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Dear Sir... Readers' Views (21/12/16)

Your letters, your views.

Only wish is best for our sick children

I write in reply to the recent article that you published by Professor Jonathan Hourihane.

Professor Hourihane suggested that I, as a developer of private hospitals, was irrelevant in relation to the proposed National Childrens Hospital, and that I was interested only in developing for profit private facilities.

This statement could not be further from the truth.

I was cooped to the board of Crumlin Childrens Hospital some 15 years ago with a view to helping and advising them on the redevelopment of Crumlin Hospital. After considerable thought and analysis, I recommended that the future of the hospital was on a green field site, with easy access, parking, room for future expansion and the multiplicity of benefits that a parkland setting can add to the holistic care of our children and grandchildren.

Since then, I have campaigned endlessly against inner city sites, initially proposed at the Mater, and subsequently at St James’s Hospital.

I submitted a 17-page objection to the planning application for St James’s site as a private individual because of my concerns of its unsuitability.

At the recent Oireachtas Health Committee hearing, I offered my services and expertise on a purely voluntary, pro-bono basis, to help deliver the childrens hospital on a green field site adjacent to Connolly Hospital.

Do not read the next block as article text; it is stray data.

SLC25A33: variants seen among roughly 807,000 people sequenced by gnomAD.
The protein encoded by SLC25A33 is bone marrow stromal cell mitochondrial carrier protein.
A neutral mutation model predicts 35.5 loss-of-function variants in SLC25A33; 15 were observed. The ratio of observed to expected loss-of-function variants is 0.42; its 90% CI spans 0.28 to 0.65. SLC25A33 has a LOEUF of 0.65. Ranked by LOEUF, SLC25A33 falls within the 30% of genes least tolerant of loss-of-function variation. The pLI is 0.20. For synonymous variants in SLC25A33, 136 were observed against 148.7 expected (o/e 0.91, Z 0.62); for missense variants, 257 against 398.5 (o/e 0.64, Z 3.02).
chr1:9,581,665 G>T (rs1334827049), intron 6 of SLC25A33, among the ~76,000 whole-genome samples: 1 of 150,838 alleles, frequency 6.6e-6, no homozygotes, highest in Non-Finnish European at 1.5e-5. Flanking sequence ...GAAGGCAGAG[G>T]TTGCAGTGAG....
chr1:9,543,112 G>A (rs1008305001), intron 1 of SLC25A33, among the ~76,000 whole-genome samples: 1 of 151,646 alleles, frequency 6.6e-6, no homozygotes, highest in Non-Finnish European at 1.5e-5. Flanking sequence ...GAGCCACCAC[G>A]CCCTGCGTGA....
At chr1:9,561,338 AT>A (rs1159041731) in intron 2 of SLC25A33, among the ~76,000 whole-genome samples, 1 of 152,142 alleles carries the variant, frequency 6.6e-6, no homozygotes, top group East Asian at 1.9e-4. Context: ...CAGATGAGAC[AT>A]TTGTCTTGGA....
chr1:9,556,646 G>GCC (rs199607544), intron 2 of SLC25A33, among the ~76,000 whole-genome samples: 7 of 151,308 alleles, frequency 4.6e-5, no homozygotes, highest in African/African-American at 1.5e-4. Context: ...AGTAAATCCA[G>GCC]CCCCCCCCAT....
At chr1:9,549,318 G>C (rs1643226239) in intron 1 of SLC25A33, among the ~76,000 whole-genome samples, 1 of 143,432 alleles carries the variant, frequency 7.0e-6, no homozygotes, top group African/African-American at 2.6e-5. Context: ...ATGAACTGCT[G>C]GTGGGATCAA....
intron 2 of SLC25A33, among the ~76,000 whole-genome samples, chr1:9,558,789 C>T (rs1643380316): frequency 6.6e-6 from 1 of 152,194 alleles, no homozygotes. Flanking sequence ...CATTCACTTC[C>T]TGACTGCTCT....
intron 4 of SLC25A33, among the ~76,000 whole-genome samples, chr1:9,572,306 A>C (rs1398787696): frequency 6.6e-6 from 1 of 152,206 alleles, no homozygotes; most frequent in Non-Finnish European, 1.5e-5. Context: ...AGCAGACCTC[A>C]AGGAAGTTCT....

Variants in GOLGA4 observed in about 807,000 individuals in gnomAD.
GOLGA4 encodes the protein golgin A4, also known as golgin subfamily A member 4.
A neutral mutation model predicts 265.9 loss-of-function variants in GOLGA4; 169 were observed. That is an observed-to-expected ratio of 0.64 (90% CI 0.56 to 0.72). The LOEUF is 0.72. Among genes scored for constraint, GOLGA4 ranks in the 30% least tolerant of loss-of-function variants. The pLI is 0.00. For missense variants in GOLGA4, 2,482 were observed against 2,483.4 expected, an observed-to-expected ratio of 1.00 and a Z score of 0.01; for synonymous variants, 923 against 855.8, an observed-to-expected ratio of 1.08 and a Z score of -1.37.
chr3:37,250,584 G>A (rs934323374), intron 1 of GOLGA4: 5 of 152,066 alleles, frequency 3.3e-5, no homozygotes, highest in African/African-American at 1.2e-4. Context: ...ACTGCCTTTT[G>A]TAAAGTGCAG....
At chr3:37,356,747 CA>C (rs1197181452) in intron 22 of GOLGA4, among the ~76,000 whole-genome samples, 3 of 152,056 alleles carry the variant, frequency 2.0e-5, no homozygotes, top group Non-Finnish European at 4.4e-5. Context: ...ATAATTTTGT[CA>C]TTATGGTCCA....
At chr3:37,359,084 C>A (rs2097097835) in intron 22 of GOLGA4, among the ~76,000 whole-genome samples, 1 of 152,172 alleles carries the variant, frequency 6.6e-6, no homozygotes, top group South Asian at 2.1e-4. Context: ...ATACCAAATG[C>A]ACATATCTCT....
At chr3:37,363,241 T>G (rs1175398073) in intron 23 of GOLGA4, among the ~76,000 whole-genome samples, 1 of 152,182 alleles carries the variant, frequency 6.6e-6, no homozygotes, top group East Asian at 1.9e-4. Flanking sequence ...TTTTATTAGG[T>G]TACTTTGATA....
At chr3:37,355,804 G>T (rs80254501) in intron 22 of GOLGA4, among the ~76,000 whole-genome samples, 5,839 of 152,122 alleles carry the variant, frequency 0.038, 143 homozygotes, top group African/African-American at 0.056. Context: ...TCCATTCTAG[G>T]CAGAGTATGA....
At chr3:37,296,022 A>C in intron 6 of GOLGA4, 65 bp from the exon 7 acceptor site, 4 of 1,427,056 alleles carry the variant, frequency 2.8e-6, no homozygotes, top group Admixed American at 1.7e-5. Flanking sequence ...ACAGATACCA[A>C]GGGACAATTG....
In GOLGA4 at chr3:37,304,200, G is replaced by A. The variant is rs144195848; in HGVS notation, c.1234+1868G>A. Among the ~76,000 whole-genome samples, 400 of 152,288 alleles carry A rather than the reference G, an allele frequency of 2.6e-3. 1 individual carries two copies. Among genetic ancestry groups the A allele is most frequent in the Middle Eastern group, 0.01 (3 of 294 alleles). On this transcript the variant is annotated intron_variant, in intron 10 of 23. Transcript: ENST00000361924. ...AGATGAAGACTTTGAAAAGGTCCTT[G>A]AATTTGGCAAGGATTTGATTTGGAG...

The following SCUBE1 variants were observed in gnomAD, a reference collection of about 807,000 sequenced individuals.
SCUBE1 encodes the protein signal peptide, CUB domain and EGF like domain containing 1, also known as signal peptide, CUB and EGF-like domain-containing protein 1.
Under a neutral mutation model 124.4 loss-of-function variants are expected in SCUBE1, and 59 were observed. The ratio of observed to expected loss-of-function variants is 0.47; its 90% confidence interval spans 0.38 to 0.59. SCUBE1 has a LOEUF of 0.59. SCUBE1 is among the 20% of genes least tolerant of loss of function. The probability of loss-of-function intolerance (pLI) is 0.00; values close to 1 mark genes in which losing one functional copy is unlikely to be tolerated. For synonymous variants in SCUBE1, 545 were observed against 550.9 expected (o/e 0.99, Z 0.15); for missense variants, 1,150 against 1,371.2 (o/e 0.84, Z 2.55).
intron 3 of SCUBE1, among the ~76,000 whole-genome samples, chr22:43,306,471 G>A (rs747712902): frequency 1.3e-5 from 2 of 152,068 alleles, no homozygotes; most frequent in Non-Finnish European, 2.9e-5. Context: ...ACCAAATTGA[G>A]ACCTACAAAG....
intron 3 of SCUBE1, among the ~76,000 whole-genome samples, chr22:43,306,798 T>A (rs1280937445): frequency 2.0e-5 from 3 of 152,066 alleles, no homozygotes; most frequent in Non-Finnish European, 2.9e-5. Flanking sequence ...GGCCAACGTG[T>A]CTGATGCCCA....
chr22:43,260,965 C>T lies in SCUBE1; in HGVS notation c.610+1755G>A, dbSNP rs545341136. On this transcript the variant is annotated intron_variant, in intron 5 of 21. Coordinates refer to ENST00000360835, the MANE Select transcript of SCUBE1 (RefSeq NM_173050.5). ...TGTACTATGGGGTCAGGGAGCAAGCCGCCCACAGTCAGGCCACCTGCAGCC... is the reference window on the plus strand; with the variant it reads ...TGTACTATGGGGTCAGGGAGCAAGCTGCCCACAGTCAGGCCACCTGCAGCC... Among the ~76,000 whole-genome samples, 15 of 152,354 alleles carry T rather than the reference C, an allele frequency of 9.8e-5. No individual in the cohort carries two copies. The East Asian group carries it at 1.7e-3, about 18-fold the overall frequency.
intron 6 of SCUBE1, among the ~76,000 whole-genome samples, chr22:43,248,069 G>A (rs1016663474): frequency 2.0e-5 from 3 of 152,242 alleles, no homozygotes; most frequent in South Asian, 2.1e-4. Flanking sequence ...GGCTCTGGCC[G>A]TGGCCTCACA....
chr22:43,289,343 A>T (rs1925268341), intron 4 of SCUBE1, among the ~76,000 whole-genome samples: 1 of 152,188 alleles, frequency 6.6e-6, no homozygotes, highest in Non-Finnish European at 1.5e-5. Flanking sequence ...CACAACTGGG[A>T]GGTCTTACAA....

I happen to be a retired orthopaedic surgeon, as well as an engineer, developed the Blackrock, Galway and Hermitage Clinics in the past, as well as working in the public service for many years. During this time, I instigated the National Joint replacement Unit in Cappagh Hospital, as well as being on staff in Saint Vincent’s Public Hospital.

I have devoted my entire working life to healthcare and the provision of much needed facilities for our fellow citizens.

From my experience I feel confident that the new Childrens Hospital can be developed at the Connolly site with a saving to the tax payer of over €200m, as well as faster, and co-located with the new Rotunda hospital which is moving to the same site.

Professor Hourihane’s article is a major disservice to the sick children of this country and to the future generations of children.

James M Sheehan FRCSI, PhD, FAEI

Cross Avenue
Co Dublin

Please tell it like it is

I have noticed a growing trend over the last few years of serious revisionism by historians and academics who have numerous new opinions on the reality of life for the Protestant people of Ireland in the turbulent decades before and after Independence in 1922. These clever people are rewriting history without bothering to talk to the people who lived through it and are still surviving. These academics are mostly dreaming and imposing their own ideas onto the reality of life for Protestants families in the ‘good old days’ of Catholic Ireland. Sadly, most of it is wishful thinking and fanciful. Their “facts” are disproven by the reality that many Protestants had started getting out of Ireland even before the troubled times as they believed the game was up for Protestants in Ireland. Control and influence was slowly vanishing from their side and some friendly Catholic people were concerned back then and even today, that’s it’s still okay to kick Protestants. But oddly enough, Protestants didn’t need Catholic to kick them then or now. In fact, they were quite good at kicking themselves.